Thought experiment: An Internet where all countries are equally developed (chart & numbers)

QuestionHave you ever asked yourself, “what if?”

Today, the global distribution of Internet users doesn’t really reflect how the population is distributed in the real world. Many countries (and whole regions) are either over- or underrepresented. Internet penetration varies wildly between countries.

So let’s do a thought experiment. What would the Internet look like if all countries were on an equal footing in terms of Internet penetration? We’ll take the United States as a baseline, with 78% of its population being Internet users, a level many industrialized countries either match or exceed.

Worldwide changes

If all countries had the same Internet penetration as the United States, this is what the Internet would look like:

Hypothetical Internet

A few observations:

  • The Internet as a whole would have 2.6x as many users as today.
  • Asia would have 3.3x as many Internet users as today.
  • Europe would have 1.3x as many Internet users as today.
  • North America would pretty much be unchanged.
  • Latin America would have 2.2x as many Internet users as today.
  • The Middle East would have 2.4x as many Internet users as today.
  • Oceania/Australia would have 1.3x as many Internet users as today.
  • Africa would have 6.8x as many Internet users as today and would rise to become the second-largest region in the world after Asia.

That last bullet point brings up something interesting…

Power shifts

The hypothetical change we discussed would drastically shift the balance of the entire Internet.

  • Asia would go from representing 44% of the Internet to 56%.
  • Africa would go from 5.7% to 15%.
  • Europe would go from 22.7% to 11.8%.
  • Latin America would go from 10.3% to 8.6%.
  • North America would go from 13% to 5%.
  • The Middle East would go from 3.3% to 3.1%.
  • Oceania/Australia would go from 1% to 0.5%.

The new top 10 countries

The change of balance in our hypothetical Internet would of course also change which countries constitute the top countries on the Internet.

What would happen is that countries with large populations but underdeveloped Internet presences would show up. Our hypothetical top 10 would be made up of the 10 most populous countries in the world, since all countries would have the same 78% Internet penetration as the United States.

Top 10 countries, real vs. hypothetical Internet
# Real Internet Hypothetical Internet Size boost
1 China (485 million) China (1.046 billion) 2.2x
2 United States (245 million) India (931 million) 9.3x
3 India (100 million) United States (245 million) 1.0x
4 Japan (99 million) Indonesia (192 million) 4.9x
5 Brazil (76 million) Brazil (159 million) 2.1x
6 Germany (65 million) Pakistan (147 million) 7.2x
7 Russia (60 million) Bangladesh (124 million) 71.6x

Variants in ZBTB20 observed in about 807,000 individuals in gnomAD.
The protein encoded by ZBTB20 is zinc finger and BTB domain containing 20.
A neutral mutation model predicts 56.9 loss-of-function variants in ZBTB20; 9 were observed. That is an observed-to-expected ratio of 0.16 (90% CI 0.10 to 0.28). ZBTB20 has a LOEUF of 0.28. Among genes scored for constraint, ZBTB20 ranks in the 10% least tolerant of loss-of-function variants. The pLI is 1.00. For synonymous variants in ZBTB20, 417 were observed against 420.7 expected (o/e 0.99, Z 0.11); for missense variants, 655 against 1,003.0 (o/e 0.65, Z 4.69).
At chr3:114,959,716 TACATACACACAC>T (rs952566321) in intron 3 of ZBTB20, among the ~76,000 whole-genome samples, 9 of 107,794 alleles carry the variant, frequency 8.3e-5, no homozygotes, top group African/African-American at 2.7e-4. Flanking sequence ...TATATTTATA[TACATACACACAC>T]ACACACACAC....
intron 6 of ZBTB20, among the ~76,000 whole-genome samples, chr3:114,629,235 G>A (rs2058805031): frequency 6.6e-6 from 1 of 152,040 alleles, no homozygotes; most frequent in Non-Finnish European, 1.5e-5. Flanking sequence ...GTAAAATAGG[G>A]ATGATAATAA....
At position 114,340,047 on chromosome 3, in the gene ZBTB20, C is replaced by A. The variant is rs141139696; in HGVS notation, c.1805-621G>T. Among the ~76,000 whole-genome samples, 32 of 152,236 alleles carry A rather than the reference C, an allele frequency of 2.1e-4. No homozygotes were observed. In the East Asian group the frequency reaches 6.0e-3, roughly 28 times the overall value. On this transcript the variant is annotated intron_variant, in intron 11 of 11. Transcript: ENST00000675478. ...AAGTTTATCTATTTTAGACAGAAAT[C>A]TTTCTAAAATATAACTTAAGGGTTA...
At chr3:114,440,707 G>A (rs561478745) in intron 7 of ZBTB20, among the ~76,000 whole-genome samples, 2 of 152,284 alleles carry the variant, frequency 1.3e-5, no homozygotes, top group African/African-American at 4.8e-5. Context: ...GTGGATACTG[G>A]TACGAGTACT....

8 United Kingdom (51 million) Nigeria (122 million) 2.8x
9 France (45 million) Russia (109 million) 1.8x
10 Nigeria (44 million) Japan (99 million) 1.0x

Note that the “size boost” column refers to how much bigger the countries in the hypothetical top 10 would be.

Aside from the shuffling around, some countries in the top 10 would be new arrivals, and some would be pushed out of the top 10 altogether.

  • New in the top 10: Indonesia, Pakistan, Bangladesh.
  • Pushed out of the top 10: Germany, United Kingdom, France.
  • Size perspective: The top three countries in our hypothetical Internet would have more Internet users together than the entire Internet has today.

Is this a possible future?

This was a thought experiment in every sense of the word, based the single assumption that all countries would have the same Internet penetration.

Easier said than done, of course. This assumption comes with a full host of caveats, like the demands on technological development, education, infrastructure, general economy, etc. Countries where people are currently starving or living in abject poverty probably won’t make Internet access a high priority unless their living situation changes significantly for the better.

That said, the world is changing, and in many ways for the better (with some horrible exceptions, unfortunately).

Is this the future Internet we’re seeing?

It might not be too far from it, actually. We’ve shown you before how drastically the Internet changed between 2000 and 2010. Perhaps a similar retrospective in 2020 will show us something along the lines of this post.

This would hardly happen anytime soon, and such a drastic change as the one we have outlined here would probably take more than just a decade. However, it’s an interesting piece of information to keep in mind because it shows us how distorted the current Internet population is when compared to the real-world population.

Finally, since we used the United States as a baseline, how would it be affected by our hypothetical scenario? The change would be pretty dramatic. The United States would go from representing 11.7% of the Internet to 4.5%.

Data source: Current Internet user and population numbers from Internet World Stats.


  1. “Countries where people are currently starving or living in abject poverty probably won’t make Internet access a high priority unless their living situation changes significantly for the better.”

    Well, this may not yet have found it’s way into official government programs — but there are some development initiatives nowaday based on the premise that communication technology is actually a very important factor in overcoming poverty. If a farmer in an African village can check the current bidding price for his produce *before* engaging on the multi-day journey to the market, that’s a very substantial improvement of his situation!

    A very interesting talk by Jon “Maddog” Hall touching on this topic:

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